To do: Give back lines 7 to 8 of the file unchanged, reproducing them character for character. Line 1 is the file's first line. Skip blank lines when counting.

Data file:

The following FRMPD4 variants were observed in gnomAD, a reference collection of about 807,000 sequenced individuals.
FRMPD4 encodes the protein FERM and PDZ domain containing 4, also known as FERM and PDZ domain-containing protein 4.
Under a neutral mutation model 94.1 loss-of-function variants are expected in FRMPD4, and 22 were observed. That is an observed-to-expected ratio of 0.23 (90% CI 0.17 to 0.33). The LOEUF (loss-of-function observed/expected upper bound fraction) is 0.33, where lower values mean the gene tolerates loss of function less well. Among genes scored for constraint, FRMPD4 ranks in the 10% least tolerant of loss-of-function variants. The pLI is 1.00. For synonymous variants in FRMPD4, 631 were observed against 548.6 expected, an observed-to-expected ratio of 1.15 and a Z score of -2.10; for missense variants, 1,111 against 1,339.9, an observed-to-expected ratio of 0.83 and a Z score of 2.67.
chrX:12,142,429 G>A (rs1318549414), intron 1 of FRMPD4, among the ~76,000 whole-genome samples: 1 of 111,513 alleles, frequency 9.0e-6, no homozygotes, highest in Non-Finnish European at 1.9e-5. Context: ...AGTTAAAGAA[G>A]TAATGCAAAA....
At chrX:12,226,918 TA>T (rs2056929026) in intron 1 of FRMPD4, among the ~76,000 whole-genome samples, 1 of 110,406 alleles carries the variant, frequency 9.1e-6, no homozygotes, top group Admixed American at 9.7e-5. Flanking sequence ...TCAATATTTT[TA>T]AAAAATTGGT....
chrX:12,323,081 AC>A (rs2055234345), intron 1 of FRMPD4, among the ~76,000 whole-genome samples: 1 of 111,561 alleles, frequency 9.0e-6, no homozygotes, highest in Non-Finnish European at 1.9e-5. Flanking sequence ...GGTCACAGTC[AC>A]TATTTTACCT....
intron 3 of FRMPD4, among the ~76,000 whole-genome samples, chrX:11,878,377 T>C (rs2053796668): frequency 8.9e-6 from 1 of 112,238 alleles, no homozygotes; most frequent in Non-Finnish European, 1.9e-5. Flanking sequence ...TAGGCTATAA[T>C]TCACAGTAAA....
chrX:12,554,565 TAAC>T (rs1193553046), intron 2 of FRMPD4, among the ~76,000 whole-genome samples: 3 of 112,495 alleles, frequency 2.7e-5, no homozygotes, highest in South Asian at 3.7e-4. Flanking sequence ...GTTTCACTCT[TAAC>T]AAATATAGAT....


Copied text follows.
intron 3 of FRMPD4, among the ~76,000 whole-genome samples, chrX:11,878,377 T>C (rs2053796668): frequency 8.9e-6 from 1 of 112,238 alleles, no homozygotes; most frequent in Non-Finnish European, 1.9e-5. Flanking sequence ...TAGGCTATAA[T>C]TCACAGTAAA....
chrX:12,554,565 TAAC>T (rs1193553046), intron 2 of FRMPD4, among the ~76,000 whole-genome samples: 3 of 112,495 alleles, frequency 2.7e-5, no homozygotes, highest in South Asian at 3.7e-4. Flanking sequence ...GTTTCACTCT[TAAC>T]AAATATAGAT....